Lunch Service

"Mood Boost" Lunch Program Teaches Kids How Food Impacts Mood

It’s stressful being a kid today — from juggling homework and extracurricular activities to parent expectations, social pressures and more. Research shows childhood anxiety has increased within the last decade according to the Centers for Disease Control and Prevention and Gen Z is more likely to report their mental health as fair or poor compared to other generations.

One way students can improve their mental health is through healthier food options. Chartwells K12, the largest K-12 foodservice provider, recently launched their “Mood Boost” program to help elementary and middle school students learn how the food they eat may impact their mood. Designed by dietitians and chefs, the seven-week program features on-trend menu items like breakfast bowls, smoothies, grain bowls that incorporate “mood-boosting” ingredients.

“One thing that makes Mood Boost so successful is that we host a kick-off during the first week of the program,” Chartwells K12 CEO Belinda Oakley explained. “This gives students the opportunity to learn about the six different moods and meet our ‘Moodie’ characters — Calm, Alert, Smart, Happy, Confident, and Strong, while tasting recipes that feature ingredients connected to each mood.  Then, at least one mood will be highlighted during each of the consecutive six weeks when our cafeteria menus include new mood-boosting recipes.”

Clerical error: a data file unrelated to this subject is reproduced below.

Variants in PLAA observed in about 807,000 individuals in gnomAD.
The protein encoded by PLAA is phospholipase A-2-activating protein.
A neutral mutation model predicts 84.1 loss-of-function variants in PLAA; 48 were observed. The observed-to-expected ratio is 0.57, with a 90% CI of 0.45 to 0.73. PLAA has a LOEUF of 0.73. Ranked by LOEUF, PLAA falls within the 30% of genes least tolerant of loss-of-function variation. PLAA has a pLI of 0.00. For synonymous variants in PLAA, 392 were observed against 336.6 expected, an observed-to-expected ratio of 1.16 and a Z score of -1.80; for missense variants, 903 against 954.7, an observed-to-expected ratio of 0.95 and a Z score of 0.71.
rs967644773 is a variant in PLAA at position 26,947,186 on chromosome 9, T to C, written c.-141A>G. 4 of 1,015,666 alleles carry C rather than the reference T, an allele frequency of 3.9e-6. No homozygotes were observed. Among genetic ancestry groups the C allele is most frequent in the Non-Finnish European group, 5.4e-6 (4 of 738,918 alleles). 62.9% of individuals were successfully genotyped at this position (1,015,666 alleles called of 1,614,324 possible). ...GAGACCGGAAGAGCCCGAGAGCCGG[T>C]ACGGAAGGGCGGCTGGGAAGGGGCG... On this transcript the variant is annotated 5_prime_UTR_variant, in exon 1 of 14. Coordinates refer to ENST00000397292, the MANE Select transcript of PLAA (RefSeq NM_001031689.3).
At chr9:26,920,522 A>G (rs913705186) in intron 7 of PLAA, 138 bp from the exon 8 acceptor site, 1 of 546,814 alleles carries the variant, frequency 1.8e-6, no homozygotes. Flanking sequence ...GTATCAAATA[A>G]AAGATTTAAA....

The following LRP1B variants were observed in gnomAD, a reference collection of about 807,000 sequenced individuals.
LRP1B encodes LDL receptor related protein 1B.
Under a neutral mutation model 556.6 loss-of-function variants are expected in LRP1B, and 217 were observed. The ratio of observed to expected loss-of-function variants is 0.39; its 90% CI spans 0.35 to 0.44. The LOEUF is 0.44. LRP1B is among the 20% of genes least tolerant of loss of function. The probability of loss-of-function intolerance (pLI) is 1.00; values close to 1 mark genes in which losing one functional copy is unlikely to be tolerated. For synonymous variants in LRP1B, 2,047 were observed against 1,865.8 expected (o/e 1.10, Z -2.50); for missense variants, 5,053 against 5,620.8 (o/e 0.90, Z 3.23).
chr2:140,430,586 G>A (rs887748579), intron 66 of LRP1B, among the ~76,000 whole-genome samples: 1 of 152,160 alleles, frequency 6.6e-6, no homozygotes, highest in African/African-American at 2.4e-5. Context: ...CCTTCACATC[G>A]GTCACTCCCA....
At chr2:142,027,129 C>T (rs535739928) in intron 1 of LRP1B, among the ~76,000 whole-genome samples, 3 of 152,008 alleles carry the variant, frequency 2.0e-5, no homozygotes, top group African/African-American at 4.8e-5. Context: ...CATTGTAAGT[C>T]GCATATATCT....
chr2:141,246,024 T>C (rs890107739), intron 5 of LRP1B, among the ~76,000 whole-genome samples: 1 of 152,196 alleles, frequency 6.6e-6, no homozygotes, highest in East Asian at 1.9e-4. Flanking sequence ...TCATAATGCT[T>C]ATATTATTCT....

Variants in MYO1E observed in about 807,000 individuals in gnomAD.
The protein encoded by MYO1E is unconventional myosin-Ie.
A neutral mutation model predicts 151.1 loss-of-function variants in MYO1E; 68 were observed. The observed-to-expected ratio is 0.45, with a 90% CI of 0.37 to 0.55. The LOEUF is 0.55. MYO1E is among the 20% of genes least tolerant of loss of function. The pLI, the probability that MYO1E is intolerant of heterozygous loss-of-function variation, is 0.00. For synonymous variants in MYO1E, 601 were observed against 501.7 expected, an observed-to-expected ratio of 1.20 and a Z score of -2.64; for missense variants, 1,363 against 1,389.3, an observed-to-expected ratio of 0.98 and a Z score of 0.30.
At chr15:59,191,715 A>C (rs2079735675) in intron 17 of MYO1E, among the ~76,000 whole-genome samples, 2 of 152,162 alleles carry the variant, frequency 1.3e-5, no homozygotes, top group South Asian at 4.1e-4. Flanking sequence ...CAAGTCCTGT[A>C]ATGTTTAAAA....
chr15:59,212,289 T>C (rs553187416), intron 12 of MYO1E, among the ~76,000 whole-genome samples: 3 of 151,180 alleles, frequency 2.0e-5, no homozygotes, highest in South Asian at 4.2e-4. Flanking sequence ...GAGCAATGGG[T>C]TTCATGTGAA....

Mood Boost transforms the cafeteria space with fun, vibrant graphics and signage to introduce the Moodies, which also have their own collectible trading cards that students get to take home. Each card features a recipe that kids and families can make together. For example, Raspberries with Chocolate and Basil (Alert); Strawberry Avocado Smoothie (Confident); and Portuguese Style Pork Bowl (Strong).

In addition, Chartwells K12’s team of Registered Dietitians “work closely with students, parents and school nurses to create delicious and safe menus for students with food allergies and other dietary restrictions,” Oakley said. Parents and students can also view all of their menu items on the Nutrislice App and find the nutrition facts, ingredients and allergen information.

Overall, Mood Boost is another way to talk to students about healthy eating, Oakley pointed out. “Our hope is that they really understand how eating healthy foods can make them feel better every day. Over time, we think that it has tremendous power to play a role in creating a happier, more confident, stronger, calmer, smarter, and alert generation.”

About the Author

Yvonne Marquez is senior editor of Spaces4Learning. She can be reached at [email protected].